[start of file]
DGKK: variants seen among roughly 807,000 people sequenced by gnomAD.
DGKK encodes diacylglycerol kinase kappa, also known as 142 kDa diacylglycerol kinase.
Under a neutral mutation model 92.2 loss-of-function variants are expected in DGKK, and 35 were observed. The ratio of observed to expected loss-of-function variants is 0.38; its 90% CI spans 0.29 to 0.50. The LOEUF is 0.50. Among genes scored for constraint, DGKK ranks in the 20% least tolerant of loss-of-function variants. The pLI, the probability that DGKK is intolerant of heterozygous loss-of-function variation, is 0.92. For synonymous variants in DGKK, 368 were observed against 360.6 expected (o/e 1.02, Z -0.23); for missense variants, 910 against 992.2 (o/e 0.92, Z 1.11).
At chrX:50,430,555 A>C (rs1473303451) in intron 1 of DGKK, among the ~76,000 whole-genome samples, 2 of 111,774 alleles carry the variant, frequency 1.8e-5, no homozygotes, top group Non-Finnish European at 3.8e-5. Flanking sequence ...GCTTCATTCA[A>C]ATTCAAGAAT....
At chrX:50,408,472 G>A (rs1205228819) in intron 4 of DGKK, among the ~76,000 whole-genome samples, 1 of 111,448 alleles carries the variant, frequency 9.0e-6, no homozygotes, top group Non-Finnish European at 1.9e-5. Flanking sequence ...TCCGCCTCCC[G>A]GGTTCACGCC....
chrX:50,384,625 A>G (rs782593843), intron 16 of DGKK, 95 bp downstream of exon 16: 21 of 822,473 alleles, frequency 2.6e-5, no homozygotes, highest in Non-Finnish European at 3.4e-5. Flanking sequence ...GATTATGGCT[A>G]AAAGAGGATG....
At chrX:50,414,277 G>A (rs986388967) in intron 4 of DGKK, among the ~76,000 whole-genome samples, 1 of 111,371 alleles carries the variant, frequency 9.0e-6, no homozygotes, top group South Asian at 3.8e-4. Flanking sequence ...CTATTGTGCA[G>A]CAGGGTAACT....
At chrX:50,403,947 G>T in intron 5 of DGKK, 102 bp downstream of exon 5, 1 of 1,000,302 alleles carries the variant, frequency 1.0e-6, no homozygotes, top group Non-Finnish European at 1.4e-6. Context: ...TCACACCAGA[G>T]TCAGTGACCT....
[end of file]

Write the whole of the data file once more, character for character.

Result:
DGKK: variants seen among roughly 807,000 people sequenced by gnomAD.
DGKK encodes diacylglycerol kinase kappa, also known as 142 kDa diacylglycerol kinase.
Under a neutral mutation model 92.2 loss-of-function variants are expected in DGKK, and 35 were observed. The ratio of observed to expected loss-of-function variants is 0.38; its 90% CI spans 0.29 to 0.50. The LOEUF is 0.50. Among genes scored for constraint, DGKK ranks in the 20% least tolerant of loss-of-function variants. The pLI, the probability that DGKK is intolerant of heterozygous loss-of-function variation, is 0.92. For synonymous variants in DGKK, 368 were observed against 360.6 expected (o/e 1.02, Z -0.23); for missense variants, 910 against 992.2 (o/e 0.92, Z 1.11).
At chrX:50,430,555 A>C (rs1473303451) in intron 1 of DGKK, among the ~76,000 whole-genome samples, 2 of 111,774 alleles carry the variant, frequency 1.8e-5, no homozygotes, top group Non-Finnish European at 3.8e-5. Flanking sequence ...GCTTCATTCA[A>C]ATTCAAGAAT....
At chrX:50,408,472 G>A (rs1205228819) in intron 4 of DGKK, among the ~76,000 whole-genome samples, 1 of 111,448 alleles carries the variant, frequency 9.0e-6, no homozygotes, top group Non-Finnish European at 1.9e-5. Flanking sequence ...TCCGCCTCCC[G>A]GGTTCACGCC....
chrX:50,384,625 A>G (rs782593843), intron 16 of DGKK, 95 bp downstream of exon 16: 21 of 822,473 alleles, frequency 2.6e-5, no homozygotes, highest in Non-Finnish European at 3.4e-5. Flanking sequence ...GATTATGGCT[A>G]AAAGAGGATG....
At chrX:50,414,277 G>A (rs986388967) in intron 4 of DGKK, among the ~76,000 whole-genome samples, 1 of 111,371 alleles carries the variant, frequency 9.0e-6, no homozygotes, top group South Asian at 3.8e-4. Flanking sequence ...CTATTGTGCA[G>A]CAGGGTAACT....
At chrX:50,403,947 G>T in intron 5 of DGKK, 102 bp downstream of exon 5, 1 of 1,000,302 alleles carries the variant, frequency 1.0e-6, no homozygotes, top group Non-Finnish European at 1.4e-6. Context: ...TCACACCAGA[G>T]TCAGTGACCT....